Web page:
An amnesty for political prisoners announced to celebrate the marriage of the duke of Orléans in May 1837 allowed Blanqui to set up the seasons. Acolytes swore: "In the name of the Republic, I swear eternal hatred to all kings, aristocrats, and all oppressors of humanity." The monthly subscription was a modest 50 centimes and a high proportion of members were artisans, especially tailors. By the beginning of 1838 they numbered 900, meeting in small, inconspicuous groups on Sunday afternoons in a variety of spots, mainly cafes.

Painstaking plans were laid for a rising on Sunday May 12, 1839 at 2:30 p.m. The coincidence of an economic recession with a prolonged ministerial crisis may have convinced Blanqui that circumstances were similar to those of July 1830. The prefecture of police and the main bridges were to be seized, enabling the plotters to hold the right bank of the Seine from the Marais to Montmartre. A proclamation prepared for the occasion announced a people's republic: "The hour of doom has struck for our oppressors. People arise!"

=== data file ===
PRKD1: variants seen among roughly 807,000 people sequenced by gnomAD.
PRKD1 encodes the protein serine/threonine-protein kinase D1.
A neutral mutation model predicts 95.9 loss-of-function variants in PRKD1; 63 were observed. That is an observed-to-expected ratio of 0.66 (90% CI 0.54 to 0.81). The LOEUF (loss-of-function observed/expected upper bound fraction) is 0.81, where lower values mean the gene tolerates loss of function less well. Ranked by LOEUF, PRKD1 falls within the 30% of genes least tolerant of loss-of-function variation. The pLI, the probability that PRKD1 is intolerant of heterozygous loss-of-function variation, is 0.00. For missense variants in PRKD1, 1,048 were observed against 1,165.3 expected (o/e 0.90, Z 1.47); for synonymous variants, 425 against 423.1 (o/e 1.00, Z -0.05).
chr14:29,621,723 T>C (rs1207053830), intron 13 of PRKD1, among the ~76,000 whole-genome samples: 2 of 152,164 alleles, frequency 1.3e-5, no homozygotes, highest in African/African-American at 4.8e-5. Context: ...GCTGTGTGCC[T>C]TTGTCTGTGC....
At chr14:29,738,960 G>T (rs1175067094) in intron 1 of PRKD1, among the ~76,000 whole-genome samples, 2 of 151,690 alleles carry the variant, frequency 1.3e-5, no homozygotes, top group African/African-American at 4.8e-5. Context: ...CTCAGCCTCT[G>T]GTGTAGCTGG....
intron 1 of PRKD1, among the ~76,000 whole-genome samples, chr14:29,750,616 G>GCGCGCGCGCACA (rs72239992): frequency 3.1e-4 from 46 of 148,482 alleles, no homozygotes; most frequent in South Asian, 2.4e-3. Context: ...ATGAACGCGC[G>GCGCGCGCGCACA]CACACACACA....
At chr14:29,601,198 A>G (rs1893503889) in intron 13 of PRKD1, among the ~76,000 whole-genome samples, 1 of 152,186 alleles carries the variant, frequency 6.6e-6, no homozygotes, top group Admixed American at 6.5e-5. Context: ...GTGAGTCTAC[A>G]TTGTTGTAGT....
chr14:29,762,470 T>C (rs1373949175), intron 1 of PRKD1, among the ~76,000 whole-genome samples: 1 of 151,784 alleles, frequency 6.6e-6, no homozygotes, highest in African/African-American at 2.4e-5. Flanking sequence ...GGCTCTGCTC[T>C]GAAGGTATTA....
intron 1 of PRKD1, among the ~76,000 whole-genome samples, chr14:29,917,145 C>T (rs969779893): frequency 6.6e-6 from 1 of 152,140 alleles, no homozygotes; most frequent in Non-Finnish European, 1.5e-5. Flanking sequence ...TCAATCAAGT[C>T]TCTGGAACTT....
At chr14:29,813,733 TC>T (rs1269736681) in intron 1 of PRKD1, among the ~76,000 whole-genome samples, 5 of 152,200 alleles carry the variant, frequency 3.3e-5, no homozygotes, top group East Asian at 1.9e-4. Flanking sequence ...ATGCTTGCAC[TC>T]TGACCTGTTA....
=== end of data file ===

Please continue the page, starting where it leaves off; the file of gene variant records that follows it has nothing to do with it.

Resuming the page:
Only the main leaders knew of the project. In the previous weeks weapons and up to 12,000 cartridges had been stockpiled. Weapons were to be seized by raids on armorers' shops once the rising was under way. Assaults began on key installations. Barbès himself led a column of 600 men to the Palais de Justice where he urged the troops on duty to join him. A refusal led to fighting. The guard-post at the palais succumbed, but the troops at the prefecture opposite resisted and reinforcements were brought in. Meanwhile, Blanqui took the nearby Hôtel-de-Ville, but was soon in combat with the municipal guard for control. Men were sent to take control of the mairies of other Paris districts. Barricades went up in the artisan quarters of St. Denis and St. Martin and in the Temple area. Armories were sacked by the rebels. However, they were met by fierce resistance from the troops, who by 11 p.m. had reestablished control. About 66 rebels were killed, or died from their wounds, including five women and 28 on the government side. Within twenty-four hours nearly 300 arrests had been made, the final total reaching almost 700. Blanqui and other leaders spent the remaining years of the constitutional monarchy in prison.